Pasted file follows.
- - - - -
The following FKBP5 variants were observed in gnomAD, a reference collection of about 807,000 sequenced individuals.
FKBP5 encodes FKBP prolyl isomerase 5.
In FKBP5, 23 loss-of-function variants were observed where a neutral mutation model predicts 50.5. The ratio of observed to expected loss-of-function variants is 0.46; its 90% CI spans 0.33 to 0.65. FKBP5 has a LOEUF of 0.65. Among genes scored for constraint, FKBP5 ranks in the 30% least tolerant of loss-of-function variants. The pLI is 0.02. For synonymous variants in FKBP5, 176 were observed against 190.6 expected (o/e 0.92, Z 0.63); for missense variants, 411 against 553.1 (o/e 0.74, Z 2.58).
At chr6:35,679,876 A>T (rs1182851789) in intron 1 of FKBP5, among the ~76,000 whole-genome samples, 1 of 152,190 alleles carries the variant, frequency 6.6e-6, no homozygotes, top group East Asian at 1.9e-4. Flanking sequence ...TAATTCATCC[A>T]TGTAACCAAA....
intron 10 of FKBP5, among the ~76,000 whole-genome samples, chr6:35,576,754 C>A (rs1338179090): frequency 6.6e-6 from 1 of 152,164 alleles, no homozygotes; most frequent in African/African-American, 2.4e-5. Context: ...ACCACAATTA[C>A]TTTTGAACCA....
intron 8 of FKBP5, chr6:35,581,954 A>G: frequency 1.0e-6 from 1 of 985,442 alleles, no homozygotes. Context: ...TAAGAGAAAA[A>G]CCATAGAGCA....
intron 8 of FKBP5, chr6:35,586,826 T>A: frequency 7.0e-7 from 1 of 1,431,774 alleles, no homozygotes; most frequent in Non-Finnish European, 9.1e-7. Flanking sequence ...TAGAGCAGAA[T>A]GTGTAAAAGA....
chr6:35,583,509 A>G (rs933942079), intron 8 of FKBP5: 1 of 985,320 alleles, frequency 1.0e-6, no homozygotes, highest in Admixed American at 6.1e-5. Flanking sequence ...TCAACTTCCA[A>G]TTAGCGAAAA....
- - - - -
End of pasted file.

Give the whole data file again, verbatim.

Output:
The following FKBP5 variants were observed in gnomAD, a reference collection of about 807,000 sequenced individuals.
FKBP5 encodes FKBP prolyl isomerase 5.
In FKBP5, 23 loss-of-function variants were observed where a neutral mutation model predicts 50.5. The ratio of observed to expected loss-of-function variants is 0.46; its 90% CI spans 0.33 to 0.65. FKBP5 has a LOEUF of 0.65. Among genes scored for constraint, FKBP5 ranks in the 30% least tolerant of loss-of-function variants. The pLI is 0.02. For synonymous variants in FKBP5, 176 were observed against 190.6 expected (o/e 0.92, Z 0.63); for missense variants, 411 against 553.1 (o/e 0.74, Z 2.58).
At chr6:35,679,876 A>T (rs1182851789) in intron 1 of FKBP5, among the ~76,000 whole-genome samples, 1 of 152,190 alleles carries the variant, frequency 6.6e-6, no homozygotes, top group East Asian at 1.9e-4. Flanking sequence ...TAATTCATCC[A>T]TGTAACCAAA....
intron 10 of FKBP5, among the ~76,000 whole-genome samples, chr6:35,576,754 C>A (rs1338179090): frequency 6.6e-6 from 1 of 152,164 alleles, no homozygotes; most frequent in African/African-American, 2.4e-5. Context: ...ACCACAATTA[C>A]TTTTGAACCA....
intron 8 of FKBP5, chr6:35,581,954 A>G: frequency 1.0e-6 from 1 of 985,442 alleles, no homozygotes. Context: ...TAAGAGAAAA[A>G]CCATAGAGCA....
intron 8 of FKBP5, chr6:35,586,826 T>A: frequency 7.0e-7 from 1 of 1,431,774 alleles, no homozygotes; most frequent in Non-Finnish European, 9.1e-7. Flanking sequence ...TAGAGCAGAA[T>A]GTGTAAAAGA....
chr6:35,583,509 A>G (rs933942079), intron 8 of FKBP5: 1 of 985,320 alleles, frequency 1.0e-6, no homozygotes, highest in Admixed American at 6.1e-5. Flanking sequence ...TCAACTTCCA[A>G]TTAGCGAAAA....